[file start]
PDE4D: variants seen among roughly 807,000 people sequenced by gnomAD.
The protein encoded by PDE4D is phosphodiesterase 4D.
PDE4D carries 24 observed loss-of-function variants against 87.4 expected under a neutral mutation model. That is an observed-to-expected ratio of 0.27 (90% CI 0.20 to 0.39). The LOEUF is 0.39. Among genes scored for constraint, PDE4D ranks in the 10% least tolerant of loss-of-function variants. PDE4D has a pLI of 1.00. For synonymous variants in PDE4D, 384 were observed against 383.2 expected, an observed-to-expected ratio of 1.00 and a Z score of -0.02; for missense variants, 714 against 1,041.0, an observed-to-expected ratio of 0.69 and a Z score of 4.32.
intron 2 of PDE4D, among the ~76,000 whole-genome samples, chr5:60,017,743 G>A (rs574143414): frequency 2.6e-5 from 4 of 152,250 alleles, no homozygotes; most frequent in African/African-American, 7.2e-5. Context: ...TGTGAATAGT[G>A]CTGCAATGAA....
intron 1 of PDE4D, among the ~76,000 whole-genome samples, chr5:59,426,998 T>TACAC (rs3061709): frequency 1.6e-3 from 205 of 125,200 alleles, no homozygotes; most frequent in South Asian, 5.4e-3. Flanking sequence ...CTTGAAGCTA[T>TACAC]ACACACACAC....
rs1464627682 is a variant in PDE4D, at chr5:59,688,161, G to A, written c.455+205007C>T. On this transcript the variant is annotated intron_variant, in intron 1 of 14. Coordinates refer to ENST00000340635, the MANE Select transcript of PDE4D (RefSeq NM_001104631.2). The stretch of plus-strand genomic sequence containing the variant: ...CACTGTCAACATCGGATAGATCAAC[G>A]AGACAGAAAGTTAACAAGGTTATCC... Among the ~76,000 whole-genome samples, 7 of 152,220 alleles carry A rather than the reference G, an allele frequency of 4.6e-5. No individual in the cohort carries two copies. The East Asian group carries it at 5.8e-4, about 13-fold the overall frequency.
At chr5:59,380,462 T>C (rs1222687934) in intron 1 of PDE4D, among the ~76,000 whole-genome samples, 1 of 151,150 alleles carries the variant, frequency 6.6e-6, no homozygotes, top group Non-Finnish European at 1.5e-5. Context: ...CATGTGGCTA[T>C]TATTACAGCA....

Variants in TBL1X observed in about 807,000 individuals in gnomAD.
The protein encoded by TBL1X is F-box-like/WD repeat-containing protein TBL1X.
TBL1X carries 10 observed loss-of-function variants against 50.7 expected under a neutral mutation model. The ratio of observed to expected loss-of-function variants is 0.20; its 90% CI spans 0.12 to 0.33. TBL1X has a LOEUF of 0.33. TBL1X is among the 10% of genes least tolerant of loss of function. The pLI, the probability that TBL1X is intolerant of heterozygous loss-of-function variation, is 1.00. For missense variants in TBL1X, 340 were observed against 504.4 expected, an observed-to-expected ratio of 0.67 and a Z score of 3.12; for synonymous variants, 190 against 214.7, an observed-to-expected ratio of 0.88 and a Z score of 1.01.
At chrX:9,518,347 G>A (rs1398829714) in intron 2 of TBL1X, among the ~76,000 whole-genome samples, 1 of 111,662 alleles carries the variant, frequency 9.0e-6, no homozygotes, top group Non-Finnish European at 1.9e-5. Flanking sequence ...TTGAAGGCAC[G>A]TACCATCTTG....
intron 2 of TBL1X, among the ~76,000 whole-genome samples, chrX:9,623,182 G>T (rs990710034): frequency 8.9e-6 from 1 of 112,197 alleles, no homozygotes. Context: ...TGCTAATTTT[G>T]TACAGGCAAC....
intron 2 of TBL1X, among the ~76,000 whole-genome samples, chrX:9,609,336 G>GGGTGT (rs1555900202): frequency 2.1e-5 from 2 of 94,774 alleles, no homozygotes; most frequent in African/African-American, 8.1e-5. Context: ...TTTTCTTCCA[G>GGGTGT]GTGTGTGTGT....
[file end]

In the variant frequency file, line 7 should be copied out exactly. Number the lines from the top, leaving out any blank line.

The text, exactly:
At chr5:59,380,462 T>C (rs1222687934) in intron 1 of PDE4D, among the ~76,000 whole-genome samples, 1 of 151,150 alleles carries the variant, frequency 6.6e-6, no homozygotes, top group Non-Finnish European at 1.5e-5. Context: ...CATGTGGCTA[T>C]TATTACAGCA....